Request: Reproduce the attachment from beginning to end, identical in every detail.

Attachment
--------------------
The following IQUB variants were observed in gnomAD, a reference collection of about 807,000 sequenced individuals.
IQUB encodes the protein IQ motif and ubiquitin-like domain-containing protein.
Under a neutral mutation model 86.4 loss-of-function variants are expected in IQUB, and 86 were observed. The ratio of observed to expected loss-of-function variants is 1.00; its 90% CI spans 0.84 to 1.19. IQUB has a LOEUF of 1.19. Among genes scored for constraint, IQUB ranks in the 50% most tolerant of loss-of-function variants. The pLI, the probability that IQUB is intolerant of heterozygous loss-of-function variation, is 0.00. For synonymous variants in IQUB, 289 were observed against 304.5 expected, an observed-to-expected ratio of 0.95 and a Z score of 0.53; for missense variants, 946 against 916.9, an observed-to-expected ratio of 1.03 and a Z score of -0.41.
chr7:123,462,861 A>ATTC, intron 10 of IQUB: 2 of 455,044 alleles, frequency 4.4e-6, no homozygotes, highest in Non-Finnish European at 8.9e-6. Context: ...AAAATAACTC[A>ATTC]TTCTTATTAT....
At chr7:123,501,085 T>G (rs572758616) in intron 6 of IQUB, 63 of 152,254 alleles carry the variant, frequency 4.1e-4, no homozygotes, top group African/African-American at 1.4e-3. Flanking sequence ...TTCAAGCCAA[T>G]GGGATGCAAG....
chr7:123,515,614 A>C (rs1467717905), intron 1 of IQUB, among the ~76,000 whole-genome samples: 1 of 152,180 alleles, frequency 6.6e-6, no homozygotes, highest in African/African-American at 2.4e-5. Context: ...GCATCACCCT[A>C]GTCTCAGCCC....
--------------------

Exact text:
The following IQUB variants were observed in gnomAD, a reference collection of about 807,000 sequenced individuals.
IQUB encodes the protein IQ motif and ubiquitin-like domain-containing protein.
Under a neutral mutation model 86.4 loss-of-function variants are expected in IQUB, and 86 were observed. The ratio of observed to expected loss-of-function variants is 1.00; its 90% CI spans 0.84 to 1.19. IQUB has a LOEUF of 1.19. Among genes scored for constraint, IQUB ranks in the 50% most tolerant of loss-of-function variants. The pLI, the probability that IQUB is intolerant of heterozygous loss-of-function variation, is 0.00. For synonymous variants in IQUB, 289 were observed against 304.5 expected, an observed-to-expected ratio of 0.95 and a Z score of 0.53; for missense variants, 946 against 916.9, an observed-to-expected ratio of 1.03 and a Z score of -0.41.
chr7:123,462,861 A>ATTC, intron 10 of IQUB: 2 of 455,044 alleles, frequency 4.4e-6, no homozygotes, highest in Non-Finnish European at 8.9e-6. Context: ...AAAATAACTC[A>ATTC]TTCTTATTAT....
At chr7:123,501,085 T>G (rs572758616) in intron 6 of IQUB, 63 of 152,254 alleles carry the variant, frequency 4.1e-4, no homozygotes, top group African/African-American at 1.4e-3. Flanking sequence ...TTCAAGCCAA[T>G]GGGATGCAAG....
chr7:123,515,614 A>C (rs1467717905), intron 1 of IQUB, among the ~76,000 whole-genome samples: 1 of 152,180 alleles, frequency 6.6e-6, no homozygotes, highest in African/African-American at 2.4e-5. Context: ...GCATCACCCT[A>C]GTCTCAGCCC....